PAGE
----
miamizsun

miamizsun Avatar

Location: (3261.3 Miles SE of RP)
Gender: Male


Posted: Mar 26, 2017 - 8:45am

 Steely_D wrote:

See, I think that's the problem with democracy. Lotsa folks tried to influence the outcome without being well educated on the topic.
In a situation like this, you need a combination of people who can look at it from many sides: economists, sociologists, medical experts - and they could do a fine job of creating some version of compromise that's best.

Instead, you get politicians, who were elected because of their party affiliation or their race or their gender or their mailing address.
If we were smarter, we'd get the most well educated or most well prepared to work on this incredibly tough problem. But, the GOP and FOX did a fine job of making people contemptible of the "elites." 

 

this brings up a great point

to the board

rant/on

if we look at the evidence, it's abundantly clear that political leadership doesn't know what they're doing

not only on this subject but many others

just look at what their system has incentivized

massive debt, deficits, unfunded liabilities and violence/war that is never ending

how could intelligent people even think of agreeing or settling for this nuttery?

i mean who thinks this is a good idea or sees wisdom in this?

did they learn this at home?

has the schooling system has churned out compliant statist fodder for decades and decades?

if the masses (especially politicians) continue to make decisions based on feelings instead of logic and reason, we'll continue this decline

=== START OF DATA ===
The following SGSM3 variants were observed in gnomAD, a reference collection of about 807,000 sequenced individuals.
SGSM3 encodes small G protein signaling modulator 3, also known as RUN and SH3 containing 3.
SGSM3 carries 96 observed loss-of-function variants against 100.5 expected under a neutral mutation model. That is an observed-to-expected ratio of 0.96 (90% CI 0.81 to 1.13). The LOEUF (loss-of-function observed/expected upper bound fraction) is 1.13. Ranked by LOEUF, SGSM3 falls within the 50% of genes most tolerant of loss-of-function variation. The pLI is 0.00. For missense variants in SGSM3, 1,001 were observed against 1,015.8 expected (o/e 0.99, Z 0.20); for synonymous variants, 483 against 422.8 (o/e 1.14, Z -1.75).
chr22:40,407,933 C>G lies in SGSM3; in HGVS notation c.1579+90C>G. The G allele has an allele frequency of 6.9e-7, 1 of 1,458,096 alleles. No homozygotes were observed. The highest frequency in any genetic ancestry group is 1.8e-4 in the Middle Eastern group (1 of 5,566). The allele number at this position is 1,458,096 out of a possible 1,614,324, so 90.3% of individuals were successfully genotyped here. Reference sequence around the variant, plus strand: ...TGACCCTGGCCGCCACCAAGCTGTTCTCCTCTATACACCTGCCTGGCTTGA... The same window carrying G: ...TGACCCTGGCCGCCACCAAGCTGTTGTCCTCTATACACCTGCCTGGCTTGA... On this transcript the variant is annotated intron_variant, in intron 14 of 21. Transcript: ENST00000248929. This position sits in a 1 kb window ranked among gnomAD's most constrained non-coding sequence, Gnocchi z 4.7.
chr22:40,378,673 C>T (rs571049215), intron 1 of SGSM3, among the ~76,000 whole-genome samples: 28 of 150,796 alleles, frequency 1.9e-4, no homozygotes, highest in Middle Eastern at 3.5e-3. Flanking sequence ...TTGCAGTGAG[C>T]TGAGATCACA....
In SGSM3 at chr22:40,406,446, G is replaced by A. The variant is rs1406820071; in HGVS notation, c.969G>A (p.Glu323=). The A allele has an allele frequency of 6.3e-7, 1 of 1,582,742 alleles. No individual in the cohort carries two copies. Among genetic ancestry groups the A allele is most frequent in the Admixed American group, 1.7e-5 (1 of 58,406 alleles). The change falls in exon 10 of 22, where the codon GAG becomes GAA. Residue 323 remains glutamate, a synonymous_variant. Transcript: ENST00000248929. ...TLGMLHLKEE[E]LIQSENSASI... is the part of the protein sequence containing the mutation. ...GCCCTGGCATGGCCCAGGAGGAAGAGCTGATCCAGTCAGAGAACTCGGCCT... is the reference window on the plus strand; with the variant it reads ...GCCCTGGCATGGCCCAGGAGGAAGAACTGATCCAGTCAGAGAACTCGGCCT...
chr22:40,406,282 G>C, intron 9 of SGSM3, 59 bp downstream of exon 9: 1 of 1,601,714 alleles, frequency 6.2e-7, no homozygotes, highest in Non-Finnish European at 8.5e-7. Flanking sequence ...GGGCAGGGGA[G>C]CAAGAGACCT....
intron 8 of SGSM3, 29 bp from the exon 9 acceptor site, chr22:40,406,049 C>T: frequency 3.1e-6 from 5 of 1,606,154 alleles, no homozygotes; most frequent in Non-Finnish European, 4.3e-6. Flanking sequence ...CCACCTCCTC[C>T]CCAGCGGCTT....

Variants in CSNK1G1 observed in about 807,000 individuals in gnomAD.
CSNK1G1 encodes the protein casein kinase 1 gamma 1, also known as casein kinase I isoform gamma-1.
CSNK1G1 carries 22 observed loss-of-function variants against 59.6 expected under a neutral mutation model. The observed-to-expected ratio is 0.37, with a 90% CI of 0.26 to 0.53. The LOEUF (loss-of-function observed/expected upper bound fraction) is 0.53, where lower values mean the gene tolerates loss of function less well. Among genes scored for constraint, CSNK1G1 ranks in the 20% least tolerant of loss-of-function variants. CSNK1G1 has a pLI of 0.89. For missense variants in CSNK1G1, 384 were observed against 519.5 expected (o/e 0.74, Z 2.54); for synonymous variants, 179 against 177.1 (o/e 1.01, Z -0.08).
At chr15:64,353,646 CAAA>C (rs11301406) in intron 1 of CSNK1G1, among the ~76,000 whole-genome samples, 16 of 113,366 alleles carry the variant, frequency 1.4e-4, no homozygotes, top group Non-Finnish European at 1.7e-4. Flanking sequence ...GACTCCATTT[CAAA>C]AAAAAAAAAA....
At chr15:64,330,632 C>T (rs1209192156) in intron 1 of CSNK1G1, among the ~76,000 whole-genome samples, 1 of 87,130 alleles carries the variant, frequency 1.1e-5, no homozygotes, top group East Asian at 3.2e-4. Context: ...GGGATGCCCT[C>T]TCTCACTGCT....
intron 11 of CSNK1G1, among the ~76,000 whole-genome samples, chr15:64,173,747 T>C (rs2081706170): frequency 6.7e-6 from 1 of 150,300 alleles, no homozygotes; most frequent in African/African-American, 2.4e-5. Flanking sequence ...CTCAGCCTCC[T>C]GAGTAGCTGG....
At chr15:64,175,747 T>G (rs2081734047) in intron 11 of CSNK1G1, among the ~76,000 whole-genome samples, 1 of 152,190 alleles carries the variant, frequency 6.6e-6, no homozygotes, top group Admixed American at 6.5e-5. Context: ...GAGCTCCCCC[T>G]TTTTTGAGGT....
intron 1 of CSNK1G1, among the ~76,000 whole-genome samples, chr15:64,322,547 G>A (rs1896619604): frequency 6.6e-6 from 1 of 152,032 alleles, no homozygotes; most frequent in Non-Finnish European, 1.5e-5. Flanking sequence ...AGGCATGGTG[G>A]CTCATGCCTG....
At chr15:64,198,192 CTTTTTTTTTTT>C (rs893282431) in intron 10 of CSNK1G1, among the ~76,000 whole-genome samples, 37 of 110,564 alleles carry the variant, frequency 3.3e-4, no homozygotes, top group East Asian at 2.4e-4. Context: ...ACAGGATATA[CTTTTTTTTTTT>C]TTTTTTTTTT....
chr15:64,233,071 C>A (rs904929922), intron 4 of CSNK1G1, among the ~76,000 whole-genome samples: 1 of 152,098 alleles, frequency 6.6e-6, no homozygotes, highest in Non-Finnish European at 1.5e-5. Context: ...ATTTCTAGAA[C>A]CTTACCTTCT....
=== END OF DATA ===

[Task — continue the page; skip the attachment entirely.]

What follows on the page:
services and products become subjected to political force and become (or framed as) rights to justify coercion

we have a system that rewards political corruption and is backed by authoritarian violence

there's no mechanism that's effective to allow for disagreement (to say no to bad ideas)

it means absolutely nothing to be "allowed" to disagree with bad ideas (completely immoral and unethical) and then be forced to pay for it/them

then there's the idiocy of blaming insurance companies, medical equipment/supply companies, doctors and other medical professionals for the current situation

doing this is a flashing neon sign that screams i don't know what i'm talking about

simply put we only elect representatives (it is something we can somewhat control)

how about not selling us out to special interests?

we're taught that it is allowable to have a form of political corruption/lobbying baked into the cake and that we can let them leverage it to get what we want